1National Technical University of Athens, Laser Remote Sensing Laboratory, Zografou, Greece
2National Observatory of Athens, Institute for Space Applications and Remote Sensing, Athens, Greece
3National Technical University of Athens, School of Mining and Metallurgical Engineering, Zografou, Greece
4Physics Instrumentation Center for General Physics, Troitsk, 142190 Moscow, Russia
5Georgia Inst. of Tech., School of Earth and Atmos. Sc. and Chem. & Biomolecular Engineering, Atlanta GA, USA
6Institute of Chemical Engineering and High Temperature Chemical Processes, Foundation for Research and Technology Hellas (FORTH), Patras, Greece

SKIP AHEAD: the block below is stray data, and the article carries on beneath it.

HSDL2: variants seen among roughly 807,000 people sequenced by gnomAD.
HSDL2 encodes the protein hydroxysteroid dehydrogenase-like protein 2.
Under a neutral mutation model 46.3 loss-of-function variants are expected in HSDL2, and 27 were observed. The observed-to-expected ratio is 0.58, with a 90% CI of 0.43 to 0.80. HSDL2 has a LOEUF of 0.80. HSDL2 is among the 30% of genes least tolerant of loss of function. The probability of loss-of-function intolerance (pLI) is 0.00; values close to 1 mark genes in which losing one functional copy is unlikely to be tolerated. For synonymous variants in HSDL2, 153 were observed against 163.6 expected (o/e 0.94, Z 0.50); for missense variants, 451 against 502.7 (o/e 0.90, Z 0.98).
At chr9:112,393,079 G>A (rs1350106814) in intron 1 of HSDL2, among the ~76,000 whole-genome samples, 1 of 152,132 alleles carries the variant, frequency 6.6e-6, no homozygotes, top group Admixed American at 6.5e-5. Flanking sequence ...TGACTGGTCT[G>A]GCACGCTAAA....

Abstract. A strong Saharan dust event occurred over the city of Athens, Greece (37.9° N, 23.6° E) between 27 March and 3 April 2009. The BSC-DREAM8b model was used to forecast the dust event and to provide the vertical profiles of the aerosol concentration. Due to mixture of dust particles with low clouds during most of the reported period, the dust event could be followed by the National Technical University of Athens (NTUA) 6-wavelength Raman lidar system only during the unclouded day of 2 April 2009. The lidar data obtained were used to retrieve the vertical profile of the optical (extinction and backscatter coefficients) properties of aerosols in the troposphere. Additionally, a retrieval technique representing dust as a mixture of spheres and spheroids was used to derive the mean aerosol dust microphysical properties (mean and effective radius, number, surface and volume density, and mean refractive index) in different layers between 1.8 and 3.5 km a.s.l. The final data set of the aerosol optical and microphysical properties along with the water vapor profiles obtained by Raman lidar were incorporated into the ISORROPIA II model to infer an in situ aerosol composition consistent with the retrieved refractive index values. PM10 concentrations levels, PM10 composition results and SEM-EDX (Scanning Electron Microscope-Energy Dispersive X-ray) analysis results on sizes and mineralogy of particles from samples during the Saharan dust transport event were used to evaluate the retrieval.